T Nation

Gaining 6kg in 6 Months?


#1

Okay guys, I'd like to get a few opinions on this. Basically I'm going to try gaining 6 kg (13.2 lb) in 6 months. Partly to develop a more muscular physique, but it's also a science experiment.

Background: I'm 30 yrs old (male), past training has been cross-country running with some strength training on the side. Fit and healthy, no injuries, and no allergies. I have a background in medical science, and currently work as a navy medic (shore based). As my stats show, I'm fairly slim and have a good lipid profile.

Height: 164cm (5" 4.5')
Weight: 54kg (119 lb)
BMI: 20.08
Cholesterol Profile: LDL - 3.1mmol/L, HDL - 2.0mmol/L, Triglycerides - 0.7mmol/L

My diet's otherwise healthy, but obviously I'll be eating more generous servings at regular timings throughout the day. 0600, 0900, 1200, 1500, 1800, and 2100. Supplements: Chosen for anti-inflammatory, anti-oxidant, and cholesterol lowering effects. I'm currently taking daily doses of... fish oil, flax seed oil, olive oil, and psyllium fibre.

From my baseline of 54 kg, can I realistically weigh in at 60kg by Dec 31? And how would you get there if you were in my shoes?


#2

Are you female? Probably worth mentioning if so.


#3

Well 6 kilograms of what? If you just want to experiment and put on the size then of course that would be easy even if you are a female. If it's muscle you are after then that will be tough. Probably still doable though if you are a male as you most likely have never lifted anything heavy in your life but if you're female then 6 kilograms of muscle isn't going to happen.

How would you do it you ask? Well obviously eat a lot more food and get on a good hypertrophy program.
You most likely want a more detailed answer but it is hard to take this too seriously. You want to go from 54 kilograms to 60 kilograms and we don't know what sex you are? If you're male then this is ridiculous. If you are female then you most likely just need to lift weights and grow some muscle and a nice shape will come regardless.
Strange thread.


#4

So from one endurance athlete to another. Very Possible. After the 2010 Chicago Marathon I weighed in at 173#. From Halloween of 2010 until June of 2012 (20 months) I put on a VERY solid 40# of muscle. I was following the westside protocol religiously and consuming 1 gram of protein for every pound I WANTED to weigh. I made 210 last june.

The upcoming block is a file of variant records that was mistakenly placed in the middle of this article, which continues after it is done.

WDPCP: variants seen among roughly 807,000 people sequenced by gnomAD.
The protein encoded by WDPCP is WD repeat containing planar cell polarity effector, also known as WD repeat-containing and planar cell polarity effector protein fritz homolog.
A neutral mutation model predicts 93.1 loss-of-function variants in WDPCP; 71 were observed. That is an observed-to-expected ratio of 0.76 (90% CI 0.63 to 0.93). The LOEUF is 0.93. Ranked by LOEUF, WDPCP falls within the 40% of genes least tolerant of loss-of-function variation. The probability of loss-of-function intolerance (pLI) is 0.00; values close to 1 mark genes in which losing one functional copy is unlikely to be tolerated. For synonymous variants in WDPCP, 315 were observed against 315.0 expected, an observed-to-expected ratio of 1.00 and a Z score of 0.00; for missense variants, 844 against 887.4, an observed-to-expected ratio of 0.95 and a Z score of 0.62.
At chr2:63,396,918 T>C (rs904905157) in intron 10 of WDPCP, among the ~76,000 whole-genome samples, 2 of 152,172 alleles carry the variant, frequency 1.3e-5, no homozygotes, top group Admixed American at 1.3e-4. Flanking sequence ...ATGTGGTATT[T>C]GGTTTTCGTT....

I did NOT miss TRAINING sessions. Ate clean and consistently and slept like the dead. All of this little expiriment of mine worked out well.
I am now back down to 181# for the cycling aspect of it. I did though manage to keep the great power to weight gains. This has helped with my sprint.

Good luck with it all...d


#5

Agreed on woman or guy.

But you sound depleted and small so that kind of weight might be a bit much as that is a large amount of total % of your current bw. But I think doable as long as weight is all that matters. Water and glycogen seems to be low considering your size so you can get a large jump just from more glycogen and water


#6

If male, you should be able to. If female, I don't know. As in, I literally don't know.

I'm a former cross country runner. I went from ~135lbs to ~158lbs (so, a bit over 10kg) over a period of 3 months with minimal fat gain via a combination of lifting 3x a week and increasing calorie intake. I used a fair amount of milk, cream, eggs and protein powder in addition to other homecooked food.

What I would do if I were in your shoes is to make sure I'm hitting 1 - 1.5g of protein per pound of bodyweight every single day, and once that's in place, make sure I'm eating enough calories to gain weight. I take my weight every morning before a shower and track it on a whiteboard in the bathroom. Over the course of the week, you should be gaining 1-2 lbs of scale weight when everything is averaged out. If not, you should be eating more. If you're gaining weight faster than that, cut back.

Workout-wise, I'd cut out all cardio for now. I'd make sure I'm lifting using heavy compound movements 3x a week and increasing either the weight on the bar or the reps every single workout. Even if the weight increase is small (say, adding an extra collar to the bar), make sure something goes up every workout. You want a routine that's built around some combination of squats, deadlifts, overhead press, bench press, dips, pullups/pulldowns and rows.

My current routine, done 3x a week, consists of weighted dips, straight arm pulldowns, squats, overhead press and curls. I've used deadlifts, stiff-leg deadlifts, bench press, floor press, bent rows, and cable rows in the past... just not what I'm working with right now.

Assuming you're working hard in the gym, eating to grow, and getting sufficient rest, this should be basically all you need.


#7

So you gained 40 lbs of "muscle" but then decided to lose all but 8 lbs of said gained muscle? Sounds like you "bulked" and didn't gain as much muscle as you thought


#8

The way I read it he was a very light 173 lbs and decided to bulk for whatever reason, then decided that for his sport of cycling he wished to go back down to 181lbs but successfully kept much of the strength he gained at the higher weight.


#9

I wasn't calling him out or anything, and I'm sure that you're correct as to what he meant. What I meant though is that he said he gained "a VERY solid 40 lbs of muscle," yet is now only 8 lbs heavier than before the huge muscle gain. So that would imply that he really didn't gain 40 lbs of actual lean mass; losing most of that would require sabotaging your training and dieting like a bird, so I don't see how he could possibly have kept the strength gains if what he lost was actually 30 plus lbs of lbw.